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G.Skill Trident Z DDR4-3200, C14, 32GB, Quad-Channel Kit Review

Our Verdict

The best performing quad-channel kit we’ve tested, G.Skill’s Trident Z F4-3200C14Q-32GTZKW appears a reasonable value when compared to other premium DDR4.

For

  • Great timings
  • Broad tuning capability
  • Slightly superior bandwidth

Against

  • Price
  • Height of 44mm may interfere with some CPU coolers.

Introducing Trident Z 3200 at CAS 14

The differences between G.Skill’s model F4-3200C14Q-32GTZ and competing samples need not be black and white. After all, the same memory is available in black and red or silver and white. G.Skill differentiates these colors in the model number by adding KW to the black and white set, and SW to the silver and white set. Without those extra letters, buyers can expect the black and red set. The rest of the model name is fairly self-explanatory, with its Q indicating quad DIMMs.

That means the full part number, including color code, of today’s test candidate is F4-3200C14Q-32GTZKW. You won’t find these at Newegg yet, as G.Skill appears to be waiting for a little more press coverage before launching the new color. Specifically, the firm appears to be waiting for this review.

As with the colors you can already buy, this black and white kit is spec’d at DDR4-3200 CAS 14-14-14-34, using XMP programming to enable its non-stock 1.35V. Some motherboards will let you enable XMP using a button or switch, but most require you to enter firmware to enable this manufacturer-defined overclocking profile.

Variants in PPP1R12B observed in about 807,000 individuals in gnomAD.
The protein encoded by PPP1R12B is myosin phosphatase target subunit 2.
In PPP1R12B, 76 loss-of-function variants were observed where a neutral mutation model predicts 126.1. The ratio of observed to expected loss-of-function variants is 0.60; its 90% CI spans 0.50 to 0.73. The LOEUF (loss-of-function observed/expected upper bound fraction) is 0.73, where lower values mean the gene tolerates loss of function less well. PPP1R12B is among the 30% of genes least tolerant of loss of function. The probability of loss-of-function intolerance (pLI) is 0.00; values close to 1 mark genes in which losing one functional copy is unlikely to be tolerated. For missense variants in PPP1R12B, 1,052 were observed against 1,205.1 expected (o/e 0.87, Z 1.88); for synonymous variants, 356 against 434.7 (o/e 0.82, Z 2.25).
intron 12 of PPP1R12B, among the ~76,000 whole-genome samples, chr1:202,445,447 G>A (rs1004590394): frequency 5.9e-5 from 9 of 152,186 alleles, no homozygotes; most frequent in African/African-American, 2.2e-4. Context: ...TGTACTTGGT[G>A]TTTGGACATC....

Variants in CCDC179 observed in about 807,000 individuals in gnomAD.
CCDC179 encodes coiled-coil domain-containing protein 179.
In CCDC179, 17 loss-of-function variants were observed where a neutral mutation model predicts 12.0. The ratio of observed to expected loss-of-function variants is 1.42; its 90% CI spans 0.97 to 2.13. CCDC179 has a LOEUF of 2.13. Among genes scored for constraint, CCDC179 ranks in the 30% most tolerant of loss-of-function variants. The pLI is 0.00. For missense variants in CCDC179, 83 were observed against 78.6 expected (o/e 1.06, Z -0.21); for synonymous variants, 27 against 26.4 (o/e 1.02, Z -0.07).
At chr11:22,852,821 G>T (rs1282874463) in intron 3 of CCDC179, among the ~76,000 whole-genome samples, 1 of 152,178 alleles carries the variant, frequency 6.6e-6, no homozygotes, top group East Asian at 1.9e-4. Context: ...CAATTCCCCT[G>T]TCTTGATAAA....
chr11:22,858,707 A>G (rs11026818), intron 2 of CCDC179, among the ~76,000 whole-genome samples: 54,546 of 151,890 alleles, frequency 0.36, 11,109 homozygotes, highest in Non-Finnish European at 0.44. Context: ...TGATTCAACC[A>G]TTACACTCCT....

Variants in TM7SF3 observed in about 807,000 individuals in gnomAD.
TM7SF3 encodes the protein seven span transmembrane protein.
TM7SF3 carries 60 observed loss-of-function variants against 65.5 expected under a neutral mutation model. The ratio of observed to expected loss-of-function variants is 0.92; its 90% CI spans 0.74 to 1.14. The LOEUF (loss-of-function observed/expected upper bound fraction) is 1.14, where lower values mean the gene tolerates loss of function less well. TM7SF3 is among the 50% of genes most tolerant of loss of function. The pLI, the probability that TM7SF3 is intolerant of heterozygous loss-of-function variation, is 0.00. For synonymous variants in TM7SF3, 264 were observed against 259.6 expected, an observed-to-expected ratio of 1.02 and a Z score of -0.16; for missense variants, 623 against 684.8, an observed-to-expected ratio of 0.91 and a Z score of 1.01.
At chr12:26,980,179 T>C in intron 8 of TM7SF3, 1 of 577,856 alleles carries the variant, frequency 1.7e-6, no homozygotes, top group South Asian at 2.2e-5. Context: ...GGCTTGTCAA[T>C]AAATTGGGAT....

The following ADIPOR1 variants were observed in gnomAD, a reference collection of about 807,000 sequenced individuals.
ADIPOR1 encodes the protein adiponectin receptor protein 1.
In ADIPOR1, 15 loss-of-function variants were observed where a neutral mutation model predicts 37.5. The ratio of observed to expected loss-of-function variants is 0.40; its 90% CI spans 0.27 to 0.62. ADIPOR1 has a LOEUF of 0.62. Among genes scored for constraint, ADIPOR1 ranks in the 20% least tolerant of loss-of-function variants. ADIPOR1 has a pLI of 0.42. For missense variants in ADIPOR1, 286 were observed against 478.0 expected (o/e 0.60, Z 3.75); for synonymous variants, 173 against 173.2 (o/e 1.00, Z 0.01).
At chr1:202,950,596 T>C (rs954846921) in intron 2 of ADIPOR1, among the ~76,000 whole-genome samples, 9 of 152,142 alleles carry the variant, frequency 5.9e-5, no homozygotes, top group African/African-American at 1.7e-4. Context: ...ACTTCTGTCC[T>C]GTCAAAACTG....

Prior to enabling XMP mode, motherboards will boot normally with the F4-3200C14Q-32GTZKW kit running industry-standard DDR4-2133 CAS 15 timings. Though motherboards that lack XMP technology could potentially be configured manually, most boards that allow manual adjustment also have XMP.

Since it’s a quad-channel kit, G.Skill requested that we break out the old LGA 2011 hardware and update it with one of Intel’s recently-launched Broadwell-E processors.

Test System Configuration

CPU CoolerSwiftech Apogree GTX liquid cooling with MCP655-B Pump and 3x120mm radiator
SoundIntegrated HD Audio
NetworkIntegrated Gigabit Networking

Broadwell-E overclocking difficulties include its horrific thermal output and, in many cases, severe memory overclocking limits. We told G.Skill what was going on with our test system, yet the firm persisted in its Broadwell-E requests. Perhaps they’re more interested in showcasing its stock bandwidth and latency tuning potential?

DDR4 Rated Specification Comparison

Breaking out a new processor would mean retesting some old modules, just to set a performance baseline. The firm’s Ripjaws V DDR4-3600 kit helps us separate processor limits from memory limits, while Corsair’s Vengeance LPX DDR4-3200 offers more direct competition with its matching DDR4-3200 data rate.


MORE: Best Memory


MORE: The Most Common DDR DRAM Myths Debunked


MORE: Navigating the Memory Upgrade Jungle

  • IceMyth
    Hmm, for double and quad channels do we need a MB that supports that?
    Reply
  • Crashman
    18462548 said:
    Hmm, for double and quad channels do we need a MB that supports that?